Pompeo: North Korea's talks with South Korea not likely to lead to any change on nuclear issue

Pompeo: North Korea's talks with South Korea not likely to lead to any change on nuclear issue

CIA Director Mike PompeoMichael (Mike) Richard PompeoTrump privately frustrated over lack of progress with North Korea: report Russian diplomat calls on Pompeo to free accused Russian agent Pelosi: 'Thug' Putin not welcome in Congress MORE on Sunday expressed skepticism that upcoming talks between North Korea and South Korea will do anything to change Pyongyang's stance on their nuclear weapons. 

“I hope that’s the case, but past history would indicate that this is a fake, this is not likely to lead to any true change in his strategic outlook, that is he would like to continue to maintain his nuclear capability, and that the president has said is unacceptable," Pompeo told CBS News's John Dickerson on "Face the Nation," referring to North Korean leader Kim Jong Un.  

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North and South Korea will hold official talks for the first time in nearly two years on Tuesday.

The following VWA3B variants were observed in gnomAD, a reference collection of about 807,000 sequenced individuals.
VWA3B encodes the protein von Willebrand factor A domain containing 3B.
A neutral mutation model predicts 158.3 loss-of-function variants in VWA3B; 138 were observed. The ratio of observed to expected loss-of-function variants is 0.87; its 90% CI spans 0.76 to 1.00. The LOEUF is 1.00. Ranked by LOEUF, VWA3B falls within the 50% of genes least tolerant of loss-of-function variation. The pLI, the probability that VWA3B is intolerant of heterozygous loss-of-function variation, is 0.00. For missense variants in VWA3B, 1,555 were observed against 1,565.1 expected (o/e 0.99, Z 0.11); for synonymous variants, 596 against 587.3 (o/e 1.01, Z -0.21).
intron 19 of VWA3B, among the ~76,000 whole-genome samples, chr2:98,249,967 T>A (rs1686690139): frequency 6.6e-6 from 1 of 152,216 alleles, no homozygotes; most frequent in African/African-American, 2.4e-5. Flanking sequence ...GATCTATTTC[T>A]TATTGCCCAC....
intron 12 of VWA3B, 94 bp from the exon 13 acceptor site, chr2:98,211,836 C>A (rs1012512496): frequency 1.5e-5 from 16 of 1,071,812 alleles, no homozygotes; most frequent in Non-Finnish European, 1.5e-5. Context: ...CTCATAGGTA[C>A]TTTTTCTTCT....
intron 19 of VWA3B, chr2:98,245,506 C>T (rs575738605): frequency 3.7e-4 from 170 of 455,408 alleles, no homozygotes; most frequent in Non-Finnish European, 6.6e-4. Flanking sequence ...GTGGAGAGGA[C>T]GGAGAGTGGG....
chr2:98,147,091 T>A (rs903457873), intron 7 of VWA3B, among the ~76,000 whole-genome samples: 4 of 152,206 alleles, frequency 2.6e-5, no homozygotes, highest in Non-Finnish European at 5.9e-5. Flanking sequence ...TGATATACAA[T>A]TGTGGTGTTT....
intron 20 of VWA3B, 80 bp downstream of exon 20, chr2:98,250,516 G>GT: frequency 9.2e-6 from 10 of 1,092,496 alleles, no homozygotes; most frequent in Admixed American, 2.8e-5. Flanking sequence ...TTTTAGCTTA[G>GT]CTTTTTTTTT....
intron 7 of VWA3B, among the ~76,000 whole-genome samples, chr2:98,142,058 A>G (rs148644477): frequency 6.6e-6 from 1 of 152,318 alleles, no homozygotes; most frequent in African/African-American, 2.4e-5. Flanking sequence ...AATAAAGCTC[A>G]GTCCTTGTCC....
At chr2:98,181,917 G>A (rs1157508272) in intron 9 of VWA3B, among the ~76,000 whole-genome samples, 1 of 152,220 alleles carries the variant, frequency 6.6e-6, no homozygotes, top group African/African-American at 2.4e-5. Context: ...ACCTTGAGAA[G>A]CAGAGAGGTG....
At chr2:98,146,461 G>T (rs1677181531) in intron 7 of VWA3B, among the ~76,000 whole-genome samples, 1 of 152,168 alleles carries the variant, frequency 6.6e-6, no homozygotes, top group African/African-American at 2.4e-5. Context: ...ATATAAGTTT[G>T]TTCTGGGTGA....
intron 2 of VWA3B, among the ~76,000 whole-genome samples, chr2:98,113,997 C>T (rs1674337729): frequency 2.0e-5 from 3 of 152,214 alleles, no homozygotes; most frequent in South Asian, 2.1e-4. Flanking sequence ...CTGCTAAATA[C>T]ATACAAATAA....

The two countries last Wednesday also reopened a phone line in Panmunjom after holding a call.

The developments follow remarks from Kim that he would be willing to send North Korean athletes to the Winter Olympics in Pyeongchang next month. 

President TrumpDonald John TrumpSchiff: Surveillance warrant docs show that Nunes memo 'misrepresented and distorted these applications' Chicago detention facility under investigation following allegations of abuse of migrant children Ex-Trump aide: Surveillance warrants are 'complete ignorance' and 'insanity' MORE said on Saturday that he would like to see North Korean athletes compete in the games. 

However, tensions between North Korea and the international community remain high after a slew of intercontinental ballistic missile tests from Pyongyang. 

The United Nations Security Council voted last month to slap sanctions on North Korea, aimed at strangling the isolated nation's economy.